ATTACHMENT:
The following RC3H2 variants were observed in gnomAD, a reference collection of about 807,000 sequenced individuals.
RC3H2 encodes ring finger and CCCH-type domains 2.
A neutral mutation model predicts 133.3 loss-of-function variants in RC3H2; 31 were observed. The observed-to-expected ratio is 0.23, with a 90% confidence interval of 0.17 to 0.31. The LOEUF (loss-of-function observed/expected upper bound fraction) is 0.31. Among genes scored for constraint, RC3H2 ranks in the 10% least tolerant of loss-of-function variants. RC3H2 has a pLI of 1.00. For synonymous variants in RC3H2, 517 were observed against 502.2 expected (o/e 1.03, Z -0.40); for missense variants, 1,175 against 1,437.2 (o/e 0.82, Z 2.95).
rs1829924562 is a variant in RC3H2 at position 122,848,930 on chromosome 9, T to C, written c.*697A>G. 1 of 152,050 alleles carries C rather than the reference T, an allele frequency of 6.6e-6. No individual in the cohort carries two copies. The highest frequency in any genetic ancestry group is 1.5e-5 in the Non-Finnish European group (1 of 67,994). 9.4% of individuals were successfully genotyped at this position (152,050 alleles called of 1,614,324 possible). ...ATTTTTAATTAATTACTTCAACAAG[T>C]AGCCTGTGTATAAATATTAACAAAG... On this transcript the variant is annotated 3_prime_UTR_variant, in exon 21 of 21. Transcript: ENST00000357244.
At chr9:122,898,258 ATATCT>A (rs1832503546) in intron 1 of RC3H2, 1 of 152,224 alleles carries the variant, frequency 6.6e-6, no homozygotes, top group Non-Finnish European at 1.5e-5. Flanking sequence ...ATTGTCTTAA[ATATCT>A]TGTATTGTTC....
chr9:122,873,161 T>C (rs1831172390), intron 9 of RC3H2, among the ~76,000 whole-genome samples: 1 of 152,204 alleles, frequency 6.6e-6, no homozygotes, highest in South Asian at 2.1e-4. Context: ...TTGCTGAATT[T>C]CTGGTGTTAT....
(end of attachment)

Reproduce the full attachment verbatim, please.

The following RC3H2 variants were observed in gnomAD, a reference collection of about 807,000 sequenced individuals.
RC3H2 encodes ring finger and CCCH-type domains 2.
A neutral mutation model predicts 133.3 loss-of-function variants in RC3H2; 31 were observed. The observed-to-expected ratio is 0.23, with a 90% confidence interval of 0.17 to 0.31. The LOEUF (loss-of-function observed/expected upper bound fraction) is 0.31. Among genes scored for constraint, RC3H2 ranks in the 10% least tolerant of loss-of-function variants. RC3H2 has a pLI of 1.00. For synonymous variants in RC3H2, 517 were observed against 502.2 expected (o/e 1.03, Z -0.40); for missense variants, 1,175 against 1,437.2 (o/e 0.82, Z 2.95).
rs1829924562 is a variant in RC3H2 at position 122,848,930 on chromosome 9, T to C, written c.*697A>G. 1 of 152,050 alleles carries C rather than the reference T, an allele frequency of 6.6e-6. No individual in the cohort carries two copies. The highest frequency in any genetic ancestry group is 1.5e-5 in the Non-Finnish European group (1 of 67,994). 9.4% of individuals were successfully genotyped at this position (152,050 alleles called of 1,614,324 possible). ...ATTTTTAATTAATTACTTCAACAAG[T>C]AGCCTGTGTATAAATATTAACAAAG... On this transcript the variant is annotated 3_prime_UTR_variant, in exon 21 of 21. Transcript: ENST00000357244.
At chr9:122,898,258 ATATCT>A (rs1832503546) in intron 1 of RC3H2, 1 of 152,224 alleles carries the variant, frequency 6.6e-6, no homozygotes, top group Non-Finnish European at 1.5e-5. Flanking sequence ...ATTGTCTTAA[ATATCT>A]TGTATTGTTC....
chr9:122,873,161 T>C (rs1831172390), intron 9 of RC3H2, among the ~76,000 whole-genome samples: 1 of 152,204 alleles, frequency 6.6e-6, no homozygotes, highest in South Asian at 2.1e-4. Context: ...TTGCTGAATT[T>C]CTGGTGTTAT....